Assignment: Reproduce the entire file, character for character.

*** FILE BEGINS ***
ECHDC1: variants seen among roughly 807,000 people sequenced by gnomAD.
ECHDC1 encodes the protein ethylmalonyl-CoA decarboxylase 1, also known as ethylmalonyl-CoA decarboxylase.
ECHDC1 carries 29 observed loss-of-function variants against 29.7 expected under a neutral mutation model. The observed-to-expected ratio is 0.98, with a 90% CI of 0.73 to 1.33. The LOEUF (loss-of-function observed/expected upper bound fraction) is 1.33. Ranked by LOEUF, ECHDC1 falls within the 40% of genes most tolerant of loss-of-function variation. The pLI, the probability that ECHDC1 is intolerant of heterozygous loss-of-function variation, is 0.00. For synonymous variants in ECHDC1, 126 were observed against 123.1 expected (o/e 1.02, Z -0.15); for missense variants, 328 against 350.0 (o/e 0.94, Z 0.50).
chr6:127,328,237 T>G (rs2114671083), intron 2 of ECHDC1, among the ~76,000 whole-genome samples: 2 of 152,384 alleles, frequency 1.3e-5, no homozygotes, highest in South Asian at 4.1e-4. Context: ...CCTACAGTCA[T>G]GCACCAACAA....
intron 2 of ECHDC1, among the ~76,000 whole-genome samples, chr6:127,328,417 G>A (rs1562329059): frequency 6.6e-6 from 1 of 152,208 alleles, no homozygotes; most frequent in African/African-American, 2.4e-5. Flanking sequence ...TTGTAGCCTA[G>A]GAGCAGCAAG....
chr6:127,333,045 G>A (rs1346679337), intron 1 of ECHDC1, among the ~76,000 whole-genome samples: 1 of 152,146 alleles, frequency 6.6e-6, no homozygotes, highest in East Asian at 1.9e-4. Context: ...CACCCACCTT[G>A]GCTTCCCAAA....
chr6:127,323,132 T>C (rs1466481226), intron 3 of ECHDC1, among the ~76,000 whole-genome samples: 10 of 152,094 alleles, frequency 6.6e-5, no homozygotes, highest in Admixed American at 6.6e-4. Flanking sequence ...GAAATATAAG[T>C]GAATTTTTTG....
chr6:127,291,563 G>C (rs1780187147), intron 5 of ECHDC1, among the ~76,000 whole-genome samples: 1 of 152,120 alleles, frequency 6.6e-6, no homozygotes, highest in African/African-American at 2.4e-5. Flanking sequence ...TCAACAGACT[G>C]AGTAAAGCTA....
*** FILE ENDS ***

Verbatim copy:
ECHDC1: variants seen among roughly 807,000 people sequenced by gnomAD.
ECHDC1 encodes the protein ethylmalonyl-CoA decarboxylase 1, also known as ethylmalonyl-CoA decarboxylase.
ECHDC1 carries 29 observed loss-of-function variants against 29.7 expected under a neutral mutation model. The observed-to-expected ratio is 0.98, with a 90% CI of 0.73 to 1.33. The LOEUF (loss-of-function observed/expected upper bound fraction) is 1.33. Ranked by LOEUF, ECHDC1 falls within the 40% of genes most tolerant of loss-of-function variation. The pLI, the probability that ECHDC1 is intolerant of heterozygous loss-of-function variation, is 0.00. For synonymous variants in ECHDC1, 126 were observed against 123.1 expected (o/e 1.02, Z -0.15); for missense variants, 328 against 350.0 (o/e 0.94, Z 0.50).
chr6:127,328,237 T>G (rs2114671083), intron 2 of ECHDC1, among the ~76,000 whole-genome samples: 2 of 152,384 alleles, frequency 1.3e-5, no homozygotes, highest in South Asian at 4.1e-4. Context: ...CCTACAGTCA[T>G]GCACCAACAA....
intron 2 of ECHDC1, among the ~76,000 whole-genome samples, chr6:127,328,417 G>A (rs1562329059): frequency 6.6e-6 from 1 of 152,208 alleles, no homozygotes; most frequent in African/African-American, 2.4e-5. Flanking sequence ...TTGTAGCCTA[G>A]GAGCAGCAAG....
chr6:127,333,045 G>A (rs1346679337), intron 1 of ECHDC1, among the ~76,000 whole-genome samples: 1 of 152,146 alleles, frequency 6.6e-6, no homozygotes, highest in East Asian at 1.9e-4. Context: ...CACCCACCTT[G>A]GCTTCCCAAA....
chr6:127,323,132 T>C (rs1466481226), intron 3 of ECHDC1, among the ~76,000 whole-genome samples: 10 of 152,094 alleles, frequency 6.6e-5, no homozygotes, highest in Admixed American at 6.6e-4. Flanking sequence ...GAAATATAAG[T>C]GAATTTTTTG....
chr6:127,291,563 G>C (rs1780187147), intron 5 of ECHDC1, among the ~76,000 whole-genome samples: 1 of 152,120 alleles, frequency 6.6e-6, no homozygotes, highest in African/African-American at 2.4e-5. Flanking sequence ...TCAACAGACT[G>C]AGTAAAGCTA....